The degazetting of permanent forest reserves the size of 4,500 football fields in Terengganu has sent the wrong message to the world, said Malaysian Nature Society Terengganu branch chairman Wong Chee Ho.
Wong said the current practice of degazetting forest reserves is not sustainable.
“Solutions, where revenue can be generated from forests which remain intact, is now available, the state should start adopting this in order to provide a better future for everyone.
“Instead of converting more forests to oil palm estates, properly managed forests can provide Terengganu with a sustainable source of income in the form of timber, traditional herbal products and ecotourism,” he said in a statement yesterday.
He said news reports have revealed that the 4,515ha of permanent forest reserves are to be given to TDM Bhd, a government-linked company, for expansion of their plantations.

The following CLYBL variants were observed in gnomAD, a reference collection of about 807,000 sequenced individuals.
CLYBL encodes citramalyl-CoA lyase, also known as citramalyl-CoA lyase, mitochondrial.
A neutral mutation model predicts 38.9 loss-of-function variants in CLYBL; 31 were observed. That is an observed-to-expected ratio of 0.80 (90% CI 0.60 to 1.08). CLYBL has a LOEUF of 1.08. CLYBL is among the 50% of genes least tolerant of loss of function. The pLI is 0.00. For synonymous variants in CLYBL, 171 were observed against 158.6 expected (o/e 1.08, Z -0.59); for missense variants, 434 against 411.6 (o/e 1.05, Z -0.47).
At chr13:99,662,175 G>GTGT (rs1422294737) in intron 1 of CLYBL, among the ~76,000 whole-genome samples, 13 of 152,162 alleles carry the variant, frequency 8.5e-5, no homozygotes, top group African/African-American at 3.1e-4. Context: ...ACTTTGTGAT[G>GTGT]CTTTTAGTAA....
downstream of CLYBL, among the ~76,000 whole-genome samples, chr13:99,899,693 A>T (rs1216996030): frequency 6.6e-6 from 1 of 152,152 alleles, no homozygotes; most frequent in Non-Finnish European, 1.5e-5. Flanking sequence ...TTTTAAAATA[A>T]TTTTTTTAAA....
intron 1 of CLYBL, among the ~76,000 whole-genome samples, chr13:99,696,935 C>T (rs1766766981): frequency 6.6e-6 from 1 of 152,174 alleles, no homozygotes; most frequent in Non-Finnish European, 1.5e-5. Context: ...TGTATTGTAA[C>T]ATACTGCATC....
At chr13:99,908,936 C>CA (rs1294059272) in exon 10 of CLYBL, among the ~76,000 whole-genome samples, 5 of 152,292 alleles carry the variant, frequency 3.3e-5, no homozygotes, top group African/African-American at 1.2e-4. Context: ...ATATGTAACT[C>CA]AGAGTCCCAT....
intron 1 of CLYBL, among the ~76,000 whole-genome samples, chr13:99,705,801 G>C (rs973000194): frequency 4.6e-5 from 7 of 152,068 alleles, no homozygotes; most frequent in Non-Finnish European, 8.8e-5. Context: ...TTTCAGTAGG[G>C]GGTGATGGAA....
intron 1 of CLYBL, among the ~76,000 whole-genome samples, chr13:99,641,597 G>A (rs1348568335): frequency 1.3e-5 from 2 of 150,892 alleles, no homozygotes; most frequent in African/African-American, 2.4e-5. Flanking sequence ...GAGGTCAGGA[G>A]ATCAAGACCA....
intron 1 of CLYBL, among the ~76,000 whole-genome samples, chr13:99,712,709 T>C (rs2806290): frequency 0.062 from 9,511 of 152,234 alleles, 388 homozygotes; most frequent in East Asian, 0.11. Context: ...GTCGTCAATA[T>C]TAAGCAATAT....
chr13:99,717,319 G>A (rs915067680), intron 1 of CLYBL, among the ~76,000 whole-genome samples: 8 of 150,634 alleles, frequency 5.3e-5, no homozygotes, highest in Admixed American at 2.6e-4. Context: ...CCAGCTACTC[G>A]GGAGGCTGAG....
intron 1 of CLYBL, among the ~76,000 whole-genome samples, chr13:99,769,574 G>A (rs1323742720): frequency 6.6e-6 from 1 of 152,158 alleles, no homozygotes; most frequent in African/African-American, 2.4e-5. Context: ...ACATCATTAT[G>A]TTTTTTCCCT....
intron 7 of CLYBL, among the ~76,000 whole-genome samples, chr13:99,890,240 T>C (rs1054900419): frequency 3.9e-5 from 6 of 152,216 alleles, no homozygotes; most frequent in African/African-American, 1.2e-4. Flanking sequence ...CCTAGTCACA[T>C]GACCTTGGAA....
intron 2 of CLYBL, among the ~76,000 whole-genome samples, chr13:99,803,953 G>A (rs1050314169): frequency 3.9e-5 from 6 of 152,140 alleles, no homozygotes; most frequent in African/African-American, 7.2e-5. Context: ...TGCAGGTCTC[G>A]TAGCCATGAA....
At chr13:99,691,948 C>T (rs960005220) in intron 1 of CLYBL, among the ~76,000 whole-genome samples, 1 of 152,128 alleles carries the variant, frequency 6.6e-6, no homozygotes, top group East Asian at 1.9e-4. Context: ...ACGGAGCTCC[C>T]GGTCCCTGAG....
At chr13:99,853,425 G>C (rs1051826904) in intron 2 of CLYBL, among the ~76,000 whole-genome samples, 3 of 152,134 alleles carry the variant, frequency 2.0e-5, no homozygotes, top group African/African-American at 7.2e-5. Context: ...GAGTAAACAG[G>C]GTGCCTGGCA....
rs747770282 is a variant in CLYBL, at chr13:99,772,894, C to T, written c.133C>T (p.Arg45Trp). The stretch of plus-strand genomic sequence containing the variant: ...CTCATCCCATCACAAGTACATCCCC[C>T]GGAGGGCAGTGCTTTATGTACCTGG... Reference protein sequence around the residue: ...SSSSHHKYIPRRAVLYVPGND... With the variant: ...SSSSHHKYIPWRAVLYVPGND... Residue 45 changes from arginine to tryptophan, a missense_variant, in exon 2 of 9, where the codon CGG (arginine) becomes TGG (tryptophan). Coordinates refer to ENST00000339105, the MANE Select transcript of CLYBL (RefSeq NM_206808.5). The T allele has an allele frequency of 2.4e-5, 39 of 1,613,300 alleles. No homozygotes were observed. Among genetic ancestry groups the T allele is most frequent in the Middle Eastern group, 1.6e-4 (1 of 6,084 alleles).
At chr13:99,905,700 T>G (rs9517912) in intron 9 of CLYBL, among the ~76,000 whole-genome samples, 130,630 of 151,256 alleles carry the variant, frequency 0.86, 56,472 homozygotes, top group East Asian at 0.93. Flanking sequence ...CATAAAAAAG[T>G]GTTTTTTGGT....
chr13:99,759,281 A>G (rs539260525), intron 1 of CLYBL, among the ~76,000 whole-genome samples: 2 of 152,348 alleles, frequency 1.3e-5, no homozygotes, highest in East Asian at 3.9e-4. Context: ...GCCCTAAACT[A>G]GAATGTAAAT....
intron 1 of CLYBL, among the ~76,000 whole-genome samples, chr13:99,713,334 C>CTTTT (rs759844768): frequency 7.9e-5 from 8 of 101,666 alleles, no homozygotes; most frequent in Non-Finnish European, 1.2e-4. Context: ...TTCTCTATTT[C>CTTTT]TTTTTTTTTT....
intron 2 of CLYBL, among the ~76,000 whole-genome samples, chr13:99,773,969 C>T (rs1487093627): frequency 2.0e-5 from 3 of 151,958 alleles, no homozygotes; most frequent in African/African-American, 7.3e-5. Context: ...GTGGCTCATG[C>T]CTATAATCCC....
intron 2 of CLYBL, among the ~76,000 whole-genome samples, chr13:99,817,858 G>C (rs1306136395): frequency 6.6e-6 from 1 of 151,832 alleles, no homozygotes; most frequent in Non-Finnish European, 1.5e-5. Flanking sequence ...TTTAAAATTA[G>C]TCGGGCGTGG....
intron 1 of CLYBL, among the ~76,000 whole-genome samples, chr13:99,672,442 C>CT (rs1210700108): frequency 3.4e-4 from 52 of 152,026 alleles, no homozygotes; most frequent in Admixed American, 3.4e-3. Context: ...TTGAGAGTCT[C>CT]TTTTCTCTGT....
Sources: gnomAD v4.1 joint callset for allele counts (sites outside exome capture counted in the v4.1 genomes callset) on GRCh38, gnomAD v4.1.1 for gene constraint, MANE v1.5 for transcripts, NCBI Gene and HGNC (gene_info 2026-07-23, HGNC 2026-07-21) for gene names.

Wong said MNS Terengganu is not against palm oil as a crop but the expansion of plantations must follow strict guidelines.
“A study by the Forest Research Institute of Malaysia via high-resolution satellite images showed that forest areas in Peninsular Malaysia has declined by 200,000ha between 2010 and 2015 due to land conversion.
“The same study found that in Terengganu and other states, oil palm and rubber plantations have been the main drivers of deforestation,” the MNS Terengganu branch chairman said.
Wong said researchers from FRIM and Duke University have quantified the impact of deforestation on flood mitigation, where they found that conversion of 1% of inland forest to oil palm increased the number of flooding days by 26.8%.
He added that they also found that the number of deaths and flood evacuees per year increased with expanding oil palm acreage.
Wong urged the Terengganu state government to shift the emphasis towards nature-based tourism as a key income earner for the people – the sun